Corus - Thrown on the scrapheap
STEEL workers could soon be voting on strikes against job losses. Around 6,000 steel workers, the bulk of them in South Wales and on Teesside, were due to hear their fate this week. Their employer, Corus, has threatened them with redundancy. The job losses would have devastating consequences in towns that are already hit hard by unemployment.
But they were not expecting to get any sympathy from Corus boss Sir Brian Moffat, the man who gets paid �10,000 a week and who says, "I am interested in making money, not steel." On Tuesday the ISTC steel union put forward a plan to save jobs. It included short-time working and the company getting half the wage bill paid to the threatened workers in return for a 12-month stay of execution.
But all the indications were that Corus would brush the offer aside. Corus has made huge profits in the last few years-�578 million in 1994-5, �1,102 million in 1995-6, �451 million in 1996-7 and �315 million in 1997-8. That money was thrown at shareholders and directors. When British Steel merged with Corus in 1999 shareholders received a "sweetener" of nearly �700 million.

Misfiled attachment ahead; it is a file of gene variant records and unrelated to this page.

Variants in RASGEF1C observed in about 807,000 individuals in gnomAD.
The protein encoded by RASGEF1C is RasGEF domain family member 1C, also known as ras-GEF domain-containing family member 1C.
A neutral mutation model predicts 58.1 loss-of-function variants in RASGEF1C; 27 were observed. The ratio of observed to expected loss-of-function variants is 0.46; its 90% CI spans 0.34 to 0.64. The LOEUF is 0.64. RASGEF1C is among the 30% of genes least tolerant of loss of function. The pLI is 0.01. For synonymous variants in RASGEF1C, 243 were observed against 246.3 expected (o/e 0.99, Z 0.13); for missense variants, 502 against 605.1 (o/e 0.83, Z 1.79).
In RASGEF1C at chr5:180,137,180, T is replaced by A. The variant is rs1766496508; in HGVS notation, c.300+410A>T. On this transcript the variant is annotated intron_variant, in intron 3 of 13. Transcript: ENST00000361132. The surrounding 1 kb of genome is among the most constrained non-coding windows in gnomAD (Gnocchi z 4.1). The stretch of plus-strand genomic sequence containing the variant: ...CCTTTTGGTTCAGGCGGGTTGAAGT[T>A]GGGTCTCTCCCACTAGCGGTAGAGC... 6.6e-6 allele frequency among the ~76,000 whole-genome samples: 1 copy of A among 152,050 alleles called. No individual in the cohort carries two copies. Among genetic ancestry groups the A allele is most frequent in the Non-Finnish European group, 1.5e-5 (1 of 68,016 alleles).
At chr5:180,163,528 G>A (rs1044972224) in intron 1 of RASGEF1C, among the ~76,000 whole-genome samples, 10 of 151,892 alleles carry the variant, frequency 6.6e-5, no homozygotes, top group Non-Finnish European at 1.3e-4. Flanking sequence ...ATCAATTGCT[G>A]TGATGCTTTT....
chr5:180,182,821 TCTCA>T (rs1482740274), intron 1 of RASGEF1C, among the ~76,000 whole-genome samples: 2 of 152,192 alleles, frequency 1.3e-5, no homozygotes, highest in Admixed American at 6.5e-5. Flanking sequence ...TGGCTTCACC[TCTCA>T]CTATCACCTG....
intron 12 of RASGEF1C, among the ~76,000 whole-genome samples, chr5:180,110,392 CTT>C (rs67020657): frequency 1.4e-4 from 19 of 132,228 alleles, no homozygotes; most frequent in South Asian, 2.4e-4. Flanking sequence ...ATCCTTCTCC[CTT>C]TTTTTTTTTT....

The ISTC has pledged to start a strike ballot at Llanwern, near Newport, and on Teesside if Corus rejects the rescue plan. The campaign for strikes should start immediately and ought to include all steel workers throughout Britain. Dutch unions have already said they will not accept transferred work from closed plants.
The government must also be pressured to act. New Labour says it sympathises with the workers. That is not enough. The government should renationalise steel.
THE multinational Procter and Gamble is slashing 9,600 jobs in its plants across the world. Some 5,600 jobs will go in plants outside the US. Procter and Gamble bosses refuse to say how many workers in their six sites across Britain face the sack.
ABOUT 350 workers will lose their jobs after JCB bosses announced redundancies last week.